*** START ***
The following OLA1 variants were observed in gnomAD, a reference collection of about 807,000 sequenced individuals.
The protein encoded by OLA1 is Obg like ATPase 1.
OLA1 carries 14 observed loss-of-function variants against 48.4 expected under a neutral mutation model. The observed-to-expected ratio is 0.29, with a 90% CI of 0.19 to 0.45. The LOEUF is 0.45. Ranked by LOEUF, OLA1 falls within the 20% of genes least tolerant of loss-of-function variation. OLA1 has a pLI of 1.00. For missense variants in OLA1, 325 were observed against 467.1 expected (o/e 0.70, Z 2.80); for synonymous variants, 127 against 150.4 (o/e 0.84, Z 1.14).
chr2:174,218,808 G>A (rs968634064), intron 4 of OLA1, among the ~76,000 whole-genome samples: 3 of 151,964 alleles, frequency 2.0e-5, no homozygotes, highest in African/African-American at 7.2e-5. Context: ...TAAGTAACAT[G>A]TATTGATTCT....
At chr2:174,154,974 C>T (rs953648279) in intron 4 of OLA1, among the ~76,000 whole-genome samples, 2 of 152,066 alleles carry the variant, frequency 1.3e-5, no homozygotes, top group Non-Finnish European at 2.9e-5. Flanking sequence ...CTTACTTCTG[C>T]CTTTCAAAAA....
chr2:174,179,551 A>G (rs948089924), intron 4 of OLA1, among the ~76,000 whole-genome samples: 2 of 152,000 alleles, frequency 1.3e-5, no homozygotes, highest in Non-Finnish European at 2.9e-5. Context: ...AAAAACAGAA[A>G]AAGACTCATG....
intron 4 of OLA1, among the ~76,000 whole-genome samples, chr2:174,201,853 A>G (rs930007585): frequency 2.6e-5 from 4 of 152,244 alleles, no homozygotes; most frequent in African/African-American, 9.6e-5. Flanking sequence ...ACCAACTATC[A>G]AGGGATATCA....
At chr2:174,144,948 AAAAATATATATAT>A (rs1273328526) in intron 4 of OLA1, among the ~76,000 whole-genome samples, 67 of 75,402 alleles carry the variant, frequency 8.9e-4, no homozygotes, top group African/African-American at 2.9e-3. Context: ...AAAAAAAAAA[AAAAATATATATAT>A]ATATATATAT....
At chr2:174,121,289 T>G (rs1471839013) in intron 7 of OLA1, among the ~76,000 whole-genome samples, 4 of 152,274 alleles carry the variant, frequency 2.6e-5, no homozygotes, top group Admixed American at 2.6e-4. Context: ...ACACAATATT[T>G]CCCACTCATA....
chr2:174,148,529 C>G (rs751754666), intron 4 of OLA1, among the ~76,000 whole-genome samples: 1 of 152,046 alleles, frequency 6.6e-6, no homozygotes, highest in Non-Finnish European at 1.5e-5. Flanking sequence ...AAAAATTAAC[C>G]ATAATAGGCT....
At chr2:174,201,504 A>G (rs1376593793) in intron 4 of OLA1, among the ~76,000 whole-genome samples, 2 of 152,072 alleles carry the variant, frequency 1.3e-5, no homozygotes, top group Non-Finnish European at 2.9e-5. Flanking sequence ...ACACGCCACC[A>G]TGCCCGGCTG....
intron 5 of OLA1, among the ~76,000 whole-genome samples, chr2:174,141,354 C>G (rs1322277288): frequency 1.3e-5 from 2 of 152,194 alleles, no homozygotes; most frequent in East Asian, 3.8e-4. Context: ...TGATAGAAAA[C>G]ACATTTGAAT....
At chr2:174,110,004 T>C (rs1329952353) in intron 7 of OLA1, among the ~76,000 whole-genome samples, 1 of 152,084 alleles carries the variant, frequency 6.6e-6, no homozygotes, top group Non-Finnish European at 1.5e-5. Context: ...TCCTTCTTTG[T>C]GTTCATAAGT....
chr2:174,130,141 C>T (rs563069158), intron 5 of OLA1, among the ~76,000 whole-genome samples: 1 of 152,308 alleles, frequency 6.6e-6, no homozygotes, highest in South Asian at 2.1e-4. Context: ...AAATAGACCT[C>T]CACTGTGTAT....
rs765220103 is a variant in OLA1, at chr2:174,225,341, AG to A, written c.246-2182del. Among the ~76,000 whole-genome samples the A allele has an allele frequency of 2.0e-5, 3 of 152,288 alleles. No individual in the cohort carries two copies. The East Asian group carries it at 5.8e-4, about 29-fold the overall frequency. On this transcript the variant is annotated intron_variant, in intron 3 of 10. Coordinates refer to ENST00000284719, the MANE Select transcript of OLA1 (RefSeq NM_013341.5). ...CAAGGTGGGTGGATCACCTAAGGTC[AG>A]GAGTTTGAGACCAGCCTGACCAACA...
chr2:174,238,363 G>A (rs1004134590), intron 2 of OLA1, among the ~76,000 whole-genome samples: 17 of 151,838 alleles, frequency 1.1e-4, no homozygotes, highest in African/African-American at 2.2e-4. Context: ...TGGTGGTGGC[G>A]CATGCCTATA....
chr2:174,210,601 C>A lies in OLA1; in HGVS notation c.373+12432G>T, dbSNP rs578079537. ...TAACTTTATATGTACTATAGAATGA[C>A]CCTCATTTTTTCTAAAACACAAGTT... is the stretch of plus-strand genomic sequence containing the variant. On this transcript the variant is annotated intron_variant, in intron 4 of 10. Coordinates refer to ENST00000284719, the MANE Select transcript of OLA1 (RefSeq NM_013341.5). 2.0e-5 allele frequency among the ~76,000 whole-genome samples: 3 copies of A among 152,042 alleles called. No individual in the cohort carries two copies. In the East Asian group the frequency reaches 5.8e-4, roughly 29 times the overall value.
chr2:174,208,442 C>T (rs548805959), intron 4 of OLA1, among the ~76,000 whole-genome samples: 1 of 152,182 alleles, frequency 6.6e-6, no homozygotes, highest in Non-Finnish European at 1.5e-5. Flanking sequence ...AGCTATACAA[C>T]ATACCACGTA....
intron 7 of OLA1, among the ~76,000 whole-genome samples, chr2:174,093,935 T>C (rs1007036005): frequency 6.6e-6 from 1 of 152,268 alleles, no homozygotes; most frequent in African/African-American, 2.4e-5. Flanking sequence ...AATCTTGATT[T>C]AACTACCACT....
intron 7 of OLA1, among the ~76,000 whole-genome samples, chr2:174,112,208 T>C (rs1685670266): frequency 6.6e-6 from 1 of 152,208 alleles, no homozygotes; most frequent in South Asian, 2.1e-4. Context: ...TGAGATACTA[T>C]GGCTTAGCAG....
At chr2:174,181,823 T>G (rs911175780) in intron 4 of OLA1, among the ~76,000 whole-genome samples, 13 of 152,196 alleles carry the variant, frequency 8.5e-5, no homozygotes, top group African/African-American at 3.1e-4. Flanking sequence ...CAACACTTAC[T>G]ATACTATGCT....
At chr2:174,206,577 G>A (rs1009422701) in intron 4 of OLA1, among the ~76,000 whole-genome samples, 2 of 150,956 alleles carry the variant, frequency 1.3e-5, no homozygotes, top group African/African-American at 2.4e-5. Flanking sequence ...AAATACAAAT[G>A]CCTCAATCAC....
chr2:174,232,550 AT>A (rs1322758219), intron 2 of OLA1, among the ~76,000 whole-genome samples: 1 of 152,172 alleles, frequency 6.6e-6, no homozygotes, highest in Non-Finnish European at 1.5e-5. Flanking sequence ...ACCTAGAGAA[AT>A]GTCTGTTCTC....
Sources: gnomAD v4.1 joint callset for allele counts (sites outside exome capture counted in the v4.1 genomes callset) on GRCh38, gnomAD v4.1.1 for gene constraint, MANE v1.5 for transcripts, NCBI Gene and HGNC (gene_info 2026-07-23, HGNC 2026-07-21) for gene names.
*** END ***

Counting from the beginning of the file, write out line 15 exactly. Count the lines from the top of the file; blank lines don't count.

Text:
rs765220103 is a variant in OLA1, at chr2:174,225,341, AG to A, written c.246-2182del. Among the ~76,000 whole-genome samples the A allele has an allele frequency of 2.0e-5, 3 of 152,288 alleles. No individual in the cohort carries two copies. The East Asian group carries it at 5.8e-4, about 29-fold the overall frequency. On this transcript the variant is annotated intron_variant, in intron 3 of 10. Coordinates refer to ENST00000284719, the MANE Select transcript of OLA1 (RefSeq NM_013341.5). ...CAAGGTGGGTGGATCACCTAAGGTC[AG>A]GAGTTTGAGACCAGCCTGACCAACA...